• An investigation by the OIG’s Chicago Field Office led to the arrest of two BOP correctional officers assigned to the FCI in Greenville, Illinois, on charges of deprivation of civil rights under color of law, conspiracy, aiding and abetting, and obstruction of justice. One of the correctional officers was additionally charged with making false statements. OIG investigators developed evidence that the correctional officers beat an inmate in his cell, blocked the views of surveillance cameras to conceal the incident, and made false entries in government documents. One of the correctional officers also provided a false affidavit to the OIG regarding how the inmate received his injuries. The case is being prosecuted by the Civil Rights Division and the USAO for the Southern District of Illinois. Judicial proceedings continue.

  • Multiple investigations by the OIG’s El Paso Area Office resulted in the arrest of five BOP contract correctional officers assigned to the Reeves County Detention Center in Pecos, Texas, on various charges, including bribery of a public official, providing or possessing contraband in prison, and sexual abuse of a ward. The investigations determined that three correctional officers accepted money from inmates in exchange for smuggling contraband into the detention center, a fourth correctional officer was sexually involved with an inmate, and a fifth correctional officer was sexually involved with an inmate and accepted money from him and other inmates for smuggling marijuana into the detention center. Three correctional officers pled guilty, and judicial proceedings continue for the other two. All five correctional officers have resigned.

  • An investigation by the OIG’s New York Field Office developed evidence that a BOP correctional officer provided contraband, including drugs, to inmates housed at the Metropolitan Correctional Center in New York in exchange for cash payments totaling $8,000. The correctional officer was sentenced in the Southern District of New York to 18 months’ incarceration and 3 years’ supervised release on charges of bribery and introduction of contraband.

  • A joint investigation by the OIG’s Houston Area Office and the DHS OIG led to the arrest of a BOP senior correctional officer assigned to the U.S. Penitentiary in Pollock, Louisiana, on charges of theft of public funds and wire fraud. The investigation disclosed that the correctional officer falsely claimed to be a victim of Hurricane Katrina and received more than $33,000 in benefits from the Federal Emergency Management Agency, the Red Cross, and other contributions. Judicial proceedings continue.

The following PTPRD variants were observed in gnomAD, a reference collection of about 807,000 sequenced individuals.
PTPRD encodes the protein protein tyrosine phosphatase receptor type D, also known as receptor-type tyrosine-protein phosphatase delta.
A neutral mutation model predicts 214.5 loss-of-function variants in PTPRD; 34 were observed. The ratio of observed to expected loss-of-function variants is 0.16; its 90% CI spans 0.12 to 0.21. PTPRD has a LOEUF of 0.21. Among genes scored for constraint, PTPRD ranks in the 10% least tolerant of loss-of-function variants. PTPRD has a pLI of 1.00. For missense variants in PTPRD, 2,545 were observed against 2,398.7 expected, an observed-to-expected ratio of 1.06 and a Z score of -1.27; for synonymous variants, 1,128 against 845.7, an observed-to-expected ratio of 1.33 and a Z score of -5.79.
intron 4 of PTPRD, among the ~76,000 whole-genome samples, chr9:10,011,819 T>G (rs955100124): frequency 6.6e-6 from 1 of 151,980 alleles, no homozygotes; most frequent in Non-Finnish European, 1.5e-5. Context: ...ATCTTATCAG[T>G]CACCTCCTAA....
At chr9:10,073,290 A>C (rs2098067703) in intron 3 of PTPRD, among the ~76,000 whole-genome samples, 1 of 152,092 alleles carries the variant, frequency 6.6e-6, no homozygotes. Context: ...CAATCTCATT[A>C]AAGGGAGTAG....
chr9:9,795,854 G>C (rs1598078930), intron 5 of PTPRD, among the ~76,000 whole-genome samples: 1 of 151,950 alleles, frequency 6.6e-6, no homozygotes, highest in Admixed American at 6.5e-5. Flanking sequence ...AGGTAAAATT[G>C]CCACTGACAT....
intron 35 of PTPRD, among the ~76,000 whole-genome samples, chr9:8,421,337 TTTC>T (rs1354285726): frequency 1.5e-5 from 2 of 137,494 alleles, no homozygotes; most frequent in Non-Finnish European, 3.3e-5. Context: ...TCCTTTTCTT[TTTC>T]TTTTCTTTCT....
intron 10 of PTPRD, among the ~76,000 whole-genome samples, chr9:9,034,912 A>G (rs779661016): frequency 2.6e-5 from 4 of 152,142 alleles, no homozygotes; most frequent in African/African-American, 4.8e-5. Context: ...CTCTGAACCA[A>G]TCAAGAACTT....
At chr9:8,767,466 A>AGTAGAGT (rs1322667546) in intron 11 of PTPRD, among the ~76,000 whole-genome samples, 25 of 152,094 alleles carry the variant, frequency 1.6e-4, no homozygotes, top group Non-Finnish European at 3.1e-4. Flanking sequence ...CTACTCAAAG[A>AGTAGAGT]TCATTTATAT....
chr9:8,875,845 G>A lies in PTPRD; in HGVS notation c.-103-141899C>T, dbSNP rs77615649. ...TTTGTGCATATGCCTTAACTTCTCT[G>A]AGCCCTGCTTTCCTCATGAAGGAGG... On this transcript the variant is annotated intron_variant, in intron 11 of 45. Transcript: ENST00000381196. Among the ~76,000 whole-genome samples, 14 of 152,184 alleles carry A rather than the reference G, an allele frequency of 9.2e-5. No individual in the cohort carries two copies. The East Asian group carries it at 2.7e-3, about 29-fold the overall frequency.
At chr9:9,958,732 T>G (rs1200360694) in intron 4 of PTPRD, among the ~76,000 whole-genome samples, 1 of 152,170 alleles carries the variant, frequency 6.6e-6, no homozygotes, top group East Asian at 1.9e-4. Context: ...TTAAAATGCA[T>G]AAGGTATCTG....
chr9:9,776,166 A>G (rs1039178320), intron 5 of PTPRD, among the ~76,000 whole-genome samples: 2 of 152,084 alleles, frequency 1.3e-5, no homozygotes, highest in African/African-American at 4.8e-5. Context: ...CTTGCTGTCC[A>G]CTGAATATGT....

• A joint investigation by the OIG’s Los Angeles Field Office and the FBI led to the arrest of a BOP correctional officer assigned to the U.S. Penitentiary in Lompoc, California, on charges of bribery and introduction of contraband. During an undercover operation, the correctional officer accepted drugs, merchandise, and a cash bribe of $7,500 in exchange for smuggling contraband into the institution. The correctional officer resigned from his position. Judicial proceedings continue.

  • A joint investigation by the OIG’s Miami Field Office and the FBI led to the arrest of a BOP correctional officer assigned to the Federal Correctional Complex in Coleman, Florida, on a charge of conspiracy to possess with intent to distribute marijuana. The investigators developed evidence that the correctional officer provided an inmate with drugs and merchandise. During the investigation, the correctional officer met with an OIG undercover agent and accepted $2,000 for the delivery plus an additional $16,000 for future deliveries. The correctional officer resigned from her position as a result of the investigation. Judicial proceedings continue.

Procedural Reform Recommendation

The OIG prepares a Procedural Reform Recommendation (PRR) recommending corrective action by a Department component when an investigation identifies a systemic weakness in an internal policy, practice, procedure, or program. The following PRR was sent to the BOP during this reporting period:

The OIG investigated a Muslim inmate’s allegation that BOP staff violated his civil rights and civil liberties by preventing him from praying in the library. Our investigation found that when the inmate questioned an instruction from a BOP staff member forbidding prayer in the library on the basis that the inmate had been allowed to pray in that location in the past, the inmate was punished for refusing to obey an order.

The OIG reviewed current BOP policies on prayer and found a lack of guidelines — specifically when and where inmates are allowed to pray aloud — that could create a perception of religious discrimination or violation of religious freedom and privacy because the matter is left to the discretion of individual staff members. The OIG recommended that the BOP consider developing policies, which may need to be institution specific, establishing when and where individual inmates may pray aloud or engage in other ritualized prayer. A response from the BOP to the PRR is pending.

Ongoing Work

Review of Health and Safety Issues at BOP Computer Recycling Facilities

The OIG is investigating allegations that BOP management failed to adequately examine a claim that workers and inmates at several BOP institutions were exposed to unsafe levels of lead, cadmium, and other hazardous materials in computer recycling plants operated by Federal Prison Industries, Inc. (UNICOR). The OIG opened its investigation after the Office of Special Counsel determined that an earlier investigation by the BOP failed to adequately address allegations by a BOP safety manager that UNICOR’s computer recycling operations were unsafe.

« Previous Table of Contents Next »